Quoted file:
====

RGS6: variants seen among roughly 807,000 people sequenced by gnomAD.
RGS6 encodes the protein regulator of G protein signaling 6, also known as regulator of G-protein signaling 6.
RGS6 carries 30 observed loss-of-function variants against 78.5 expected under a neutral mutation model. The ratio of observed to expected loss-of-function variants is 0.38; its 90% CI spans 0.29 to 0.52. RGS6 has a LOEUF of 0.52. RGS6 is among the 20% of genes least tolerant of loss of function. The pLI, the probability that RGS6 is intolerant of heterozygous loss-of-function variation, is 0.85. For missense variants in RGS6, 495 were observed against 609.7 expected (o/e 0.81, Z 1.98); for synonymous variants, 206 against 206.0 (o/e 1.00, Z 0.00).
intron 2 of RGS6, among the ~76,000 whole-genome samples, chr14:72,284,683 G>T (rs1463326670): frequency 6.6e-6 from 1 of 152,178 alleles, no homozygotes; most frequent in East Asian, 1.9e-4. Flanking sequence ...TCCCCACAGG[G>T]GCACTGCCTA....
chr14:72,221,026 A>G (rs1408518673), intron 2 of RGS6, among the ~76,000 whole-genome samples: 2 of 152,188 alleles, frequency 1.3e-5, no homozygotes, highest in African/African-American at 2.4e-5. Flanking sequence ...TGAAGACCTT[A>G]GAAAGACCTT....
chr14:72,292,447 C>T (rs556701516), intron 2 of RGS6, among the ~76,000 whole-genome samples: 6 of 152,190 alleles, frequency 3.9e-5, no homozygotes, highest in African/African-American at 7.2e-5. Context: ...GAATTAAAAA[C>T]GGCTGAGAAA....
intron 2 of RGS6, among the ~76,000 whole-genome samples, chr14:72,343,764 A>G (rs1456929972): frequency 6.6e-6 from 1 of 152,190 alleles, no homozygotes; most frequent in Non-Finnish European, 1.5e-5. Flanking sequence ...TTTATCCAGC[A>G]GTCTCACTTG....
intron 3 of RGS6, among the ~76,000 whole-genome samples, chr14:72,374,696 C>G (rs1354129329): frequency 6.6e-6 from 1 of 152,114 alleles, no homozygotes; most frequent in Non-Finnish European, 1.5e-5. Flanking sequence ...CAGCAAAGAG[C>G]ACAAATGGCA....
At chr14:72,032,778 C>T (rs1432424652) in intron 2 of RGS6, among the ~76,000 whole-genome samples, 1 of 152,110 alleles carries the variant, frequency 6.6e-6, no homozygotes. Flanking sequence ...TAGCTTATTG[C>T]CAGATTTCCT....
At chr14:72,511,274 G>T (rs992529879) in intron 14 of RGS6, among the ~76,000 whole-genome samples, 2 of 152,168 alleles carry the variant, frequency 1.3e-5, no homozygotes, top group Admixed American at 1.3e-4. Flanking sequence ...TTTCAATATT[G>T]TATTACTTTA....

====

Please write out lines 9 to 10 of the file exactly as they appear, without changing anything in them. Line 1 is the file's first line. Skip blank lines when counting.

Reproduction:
At chr14:72,032,778 C>T (rs1432424652) in intron 2 of RGS6, among the ~76,000 whole-genome samples, 1 of 152,110 alleles carries the variant, frequency 6.6e-6, no homozygotes. Flanking sequence ...TAGCTTATTG[C>T]CAGATTTCCT....
At chr14:72,511,274 G>T (rs992529879) in intron 14 of RGS6, among the ~76,000 whole-genome samples, 2 of 152,168 alleles carry the variant, frequency 1.3e-5, no homozygotes, top group Admixed American at 1.3e-4. Flanking sequence ...TTTCAATATT[G>T]TATTACTTTA....